Whistleblowers go far to find asylum | World| Breakings news and perspectives from around the globe | DW | 14.06.2013
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World

Whistleblowers go far to find asylum

Whistleblower Edward Snowden is on the run - he fled to Hong Kong after exposing secret US surveillance practices. But what other countries take in political fugitives like him, and what are their motives?

Former CIA employee Edward Snowden, Wikileaks founder Julian Assange, civil rights activist Chen Guangcheng, Venezuelan opposition leader Carlos Ortega - even in recent times there have been several prominent examples of people looking for asylum in one country because they fear punishment in another.

Snowden has fled to Hong Kong, the other three fled to the embassies of countries which would, for the time being, leave them alone. Chen Guangcheng was eventually allowed to travel to the US, while Ortega went to Costa Rica.

Assange, meanwhile, has spent the past year in the Ecuadorean embassy in London. There is a Swedish arrest warrant - on a charge of rape - out on him. Assange fears that he will be deported from Sweden to the US to spend several years in jail for releasing thousands of secret US military documents and diplomatic cables.

'Every state can decide for itself'

Ecuador has granted him asylum - but to what extent can any country determine whether it should grant a fugitive asylum or not?

WikiLeaks founder Julian Assange gives a thumbs up sign after speaking to the media outside the Ecuador embassy in west London (photo: REUTERS/Olivia Harris)

Assange has been in the Ecuadorean embassy in London for a year

"In principle, any state can decide for itself who it grants political asylum to - unless there is an international agreement that rules it out," says international law expert Thilo Marauhn of the University of Giessen, Germany. In other words, if a country has signed the Geneva Convention on the status of refugees, and the person in question is being pursued because of his political convictions, then that country must grant his or her request for asylum. That duty does not hold if the country does not support the convention or the person in question is not a political refugee.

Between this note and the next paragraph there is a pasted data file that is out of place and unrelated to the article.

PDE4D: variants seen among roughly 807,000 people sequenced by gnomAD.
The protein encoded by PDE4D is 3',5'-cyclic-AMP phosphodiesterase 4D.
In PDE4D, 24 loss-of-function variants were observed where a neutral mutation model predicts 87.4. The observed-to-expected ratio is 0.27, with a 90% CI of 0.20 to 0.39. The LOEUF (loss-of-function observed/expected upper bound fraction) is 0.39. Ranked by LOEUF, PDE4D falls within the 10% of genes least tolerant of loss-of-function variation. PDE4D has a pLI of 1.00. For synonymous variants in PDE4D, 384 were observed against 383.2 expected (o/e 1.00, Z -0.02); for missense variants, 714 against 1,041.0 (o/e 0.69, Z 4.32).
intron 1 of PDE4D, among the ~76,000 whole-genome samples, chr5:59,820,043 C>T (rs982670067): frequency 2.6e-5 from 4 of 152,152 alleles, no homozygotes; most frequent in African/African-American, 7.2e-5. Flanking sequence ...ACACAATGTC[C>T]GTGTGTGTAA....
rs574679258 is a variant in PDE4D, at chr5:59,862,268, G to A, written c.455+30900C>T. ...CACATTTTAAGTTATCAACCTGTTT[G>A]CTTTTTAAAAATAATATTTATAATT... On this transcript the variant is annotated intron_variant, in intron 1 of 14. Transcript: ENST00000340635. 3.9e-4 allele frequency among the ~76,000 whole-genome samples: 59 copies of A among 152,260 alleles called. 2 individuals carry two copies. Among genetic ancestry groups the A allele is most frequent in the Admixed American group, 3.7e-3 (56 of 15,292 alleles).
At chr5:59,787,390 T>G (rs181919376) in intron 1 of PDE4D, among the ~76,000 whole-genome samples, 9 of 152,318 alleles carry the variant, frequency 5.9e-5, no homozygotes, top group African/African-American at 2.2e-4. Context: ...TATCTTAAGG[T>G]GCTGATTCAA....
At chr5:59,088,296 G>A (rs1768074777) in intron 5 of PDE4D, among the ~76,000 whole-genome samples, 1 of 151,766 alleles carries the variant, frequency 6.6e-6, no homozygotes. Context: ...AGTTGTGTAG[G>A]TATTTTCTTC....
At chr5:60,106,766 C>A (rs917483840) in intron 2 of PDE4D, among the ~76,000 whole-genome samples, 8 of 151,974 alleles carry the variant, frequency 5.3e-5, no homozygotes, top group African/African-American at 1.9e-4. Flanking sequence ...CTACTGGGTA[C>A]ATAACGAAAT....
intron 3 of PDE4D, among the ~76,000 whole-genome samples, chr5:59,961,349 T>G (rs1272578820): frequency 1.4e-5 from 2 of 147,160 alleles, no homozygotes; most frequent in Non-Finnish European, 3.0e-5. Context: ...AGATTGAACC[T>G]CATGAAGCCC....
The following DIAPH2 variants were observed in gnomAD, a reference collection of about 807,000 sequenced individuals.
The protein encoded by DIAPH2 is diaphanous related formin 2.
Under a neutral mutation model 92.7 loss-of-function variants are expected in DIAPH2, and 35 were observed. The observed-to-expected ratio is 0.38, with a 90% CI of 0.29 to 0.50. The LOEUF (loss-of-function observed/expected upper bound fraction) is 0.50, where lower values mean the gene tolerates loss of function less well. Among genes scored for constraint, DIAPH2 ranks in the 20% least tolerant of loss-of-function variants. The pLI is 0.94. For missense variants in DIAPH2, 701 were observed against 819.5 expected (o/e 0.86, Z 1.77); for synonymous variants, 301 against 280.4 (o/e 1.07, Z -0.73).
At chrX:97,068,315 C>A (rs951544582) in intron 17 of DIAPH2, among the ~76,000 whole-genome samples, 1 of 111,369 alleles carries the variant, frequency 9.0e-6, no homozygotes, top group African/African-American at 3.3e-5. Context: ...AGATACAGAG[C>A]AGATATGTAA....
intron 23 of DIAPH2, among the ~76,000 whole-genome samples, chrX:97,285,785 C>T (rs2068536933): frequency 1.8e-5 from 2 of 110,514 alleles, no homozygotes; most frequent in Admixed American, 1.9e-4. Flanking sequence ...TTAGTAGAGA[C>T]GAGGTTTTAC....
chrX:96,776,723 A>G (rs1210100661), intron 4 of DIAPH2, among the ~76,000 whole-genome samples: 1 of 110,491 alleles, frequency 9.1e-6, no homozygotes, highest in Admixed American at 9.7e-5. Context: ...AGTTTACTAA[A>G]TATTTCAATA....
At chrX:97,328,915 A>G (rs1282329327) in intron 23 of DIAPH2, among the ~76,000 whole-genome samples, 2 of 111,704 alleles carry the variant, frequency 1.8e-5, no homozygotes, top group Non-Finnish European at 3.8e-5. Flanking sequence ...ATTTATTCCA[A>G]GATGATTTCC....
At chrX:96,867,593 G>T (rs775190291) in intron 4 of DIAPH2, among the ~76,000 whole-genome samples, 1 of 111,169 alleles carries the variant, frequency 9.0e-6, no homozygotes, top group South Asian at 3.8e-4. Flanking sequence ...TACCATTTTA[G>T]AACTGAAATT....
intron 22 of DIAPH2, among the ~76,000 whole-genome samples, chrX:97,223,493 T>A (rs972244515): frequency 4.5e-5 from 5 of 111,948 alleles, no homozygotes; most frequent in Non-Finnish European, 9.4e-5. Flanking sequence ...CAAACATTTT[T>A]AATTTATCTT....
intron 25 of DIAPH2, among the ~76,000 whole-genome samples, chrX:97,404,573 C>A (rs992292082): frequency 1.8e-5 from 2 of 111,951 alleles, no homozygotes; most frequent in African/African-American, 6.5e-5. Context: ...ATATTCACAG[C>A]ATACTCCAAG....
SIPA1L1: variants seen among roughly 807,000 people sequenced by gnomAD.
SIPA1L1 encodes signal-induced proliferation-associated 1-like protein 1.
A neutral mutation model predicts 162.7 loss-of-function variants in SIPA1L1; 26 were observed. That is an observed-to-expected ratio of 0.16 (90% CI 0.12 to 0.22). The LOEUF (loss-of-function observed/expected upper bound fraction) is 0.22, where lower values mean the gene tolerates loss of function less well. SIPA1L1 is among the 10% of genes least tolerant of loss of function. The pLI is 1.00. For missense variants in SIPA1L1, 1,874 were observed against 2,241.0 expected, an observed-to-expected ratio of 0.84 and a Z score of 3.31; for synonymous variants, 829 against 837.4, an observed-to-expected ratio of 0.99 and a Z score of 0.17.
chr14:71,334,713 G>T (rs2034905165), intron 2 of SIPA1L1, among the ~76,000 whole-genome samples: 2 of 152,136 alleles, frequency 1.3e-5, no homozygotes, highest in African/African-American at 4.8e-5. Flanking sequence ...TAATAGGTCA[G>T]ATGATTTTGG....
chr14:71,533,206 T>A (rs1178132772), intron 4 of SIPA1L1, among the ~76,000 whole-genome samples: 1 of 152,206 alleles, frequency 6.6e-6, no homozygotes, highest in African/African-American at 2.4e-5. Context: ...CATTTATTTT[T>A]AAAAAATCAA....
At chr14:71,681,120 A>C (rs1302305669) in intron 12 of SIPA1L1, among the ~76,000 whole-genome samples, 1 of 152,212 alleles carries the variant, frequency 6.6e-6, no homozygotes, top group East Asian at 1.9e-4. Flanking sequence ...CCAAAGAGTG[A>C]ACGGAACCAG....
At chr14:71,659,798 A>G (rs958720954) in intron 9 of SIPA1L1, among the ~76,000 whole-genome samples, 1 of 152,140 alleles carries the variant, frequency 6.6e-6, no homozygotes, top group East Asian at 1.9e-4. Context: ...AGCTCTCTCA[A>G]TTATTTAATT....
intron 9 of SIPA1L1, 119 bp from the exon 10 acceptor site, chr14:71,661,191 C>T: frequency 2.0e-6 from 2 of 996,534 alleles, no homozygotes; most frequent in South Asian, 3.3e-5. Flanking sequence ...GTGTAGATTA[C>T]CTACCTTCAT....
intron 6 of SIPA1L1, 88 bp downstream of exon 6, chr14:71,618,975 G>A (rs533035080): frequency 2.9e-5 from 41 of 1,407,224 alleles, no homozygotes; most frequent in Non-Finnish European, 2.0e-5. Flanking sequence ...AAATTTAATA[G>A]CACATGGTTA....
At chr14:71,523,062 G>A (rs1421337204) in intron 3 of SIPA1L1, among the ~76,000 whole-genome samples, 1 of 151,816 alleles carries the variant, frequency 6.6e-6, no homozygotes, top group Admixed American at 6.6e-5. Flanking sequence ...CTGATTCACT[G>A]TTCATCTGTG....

Even if there is no duty to grant asylum, the country still has the option of taking someone in. Then much depends on whether there or not there is an extradition treaty. According to the extradition treaty between the US and Hong Kong, for example, Hong Kong has the option of refusing extradition if there is a suspicion that Snowden is being persecuted for his political convictions.

"Edward Snowden can have that examined in a court case," Marauhn told DW. "But my guess is that he won't be successful, and will only be able to delay his extradition."

Political exploitation

In the case of Snowden, there is nothing for it but to wait and see, particularly as no charges have even been brought against him yet. Assange has already advised him to seek asylum in Ecuador, and Russia is apparently also considering whether to take him in.

The fact that states which, according to human rights groups, themselves have a limited freedom of opinion are declaring that they could take Snowden in is partly down to the political message that such a step would send.

A woman walks past an edition of the South China Morning Post carrying the story of former US spy Edward Snowden on its front page in Hong Kong (photo: PHILIPPE LOPEZ/AFP/Getty Images)

No charges have been brought against Snowden yet

"That other countries are doing that is down to the fact that normally democratic states grant asylum to political refugees from places like China, Myanmar, Russia, and elsewhere," Sylke Tempel of the German Council on Foreign Relations (DGAP) told DW. "If they take in fugitives from the US, it means they want to say, 'Look, Americans, apparently your freedom isn't that great either, because you pursue political refugees too.'"

The case of Bobby Fischer

The question of asylum or extradition has been a bone of diplomatic contention for some time - even when those being sought are war criminals and despots. The former East German leader Erich Honecker, for instance, spent six months in the Chilean embassy in Moscow in 1991 before being extradited back to Germany.

After World War II, several Nazis found shelter in Latin America. Paraguay, for example, which lived under the dictatorship of Alfredo Stroessner, a military officer of German heritage, from 1954 to 1989, became a favored destination of German Nazis and fallen South American dictators.

A more surreal case was that of US chess world champion Bobby Fischer, who fell out with his home nation and finally found asylum in Iceland - though Icelandic officials at the time emphasized that the country was acting out of solidarity with an exceptional grand master, and not out of sympathy with his - eccentric - political views.

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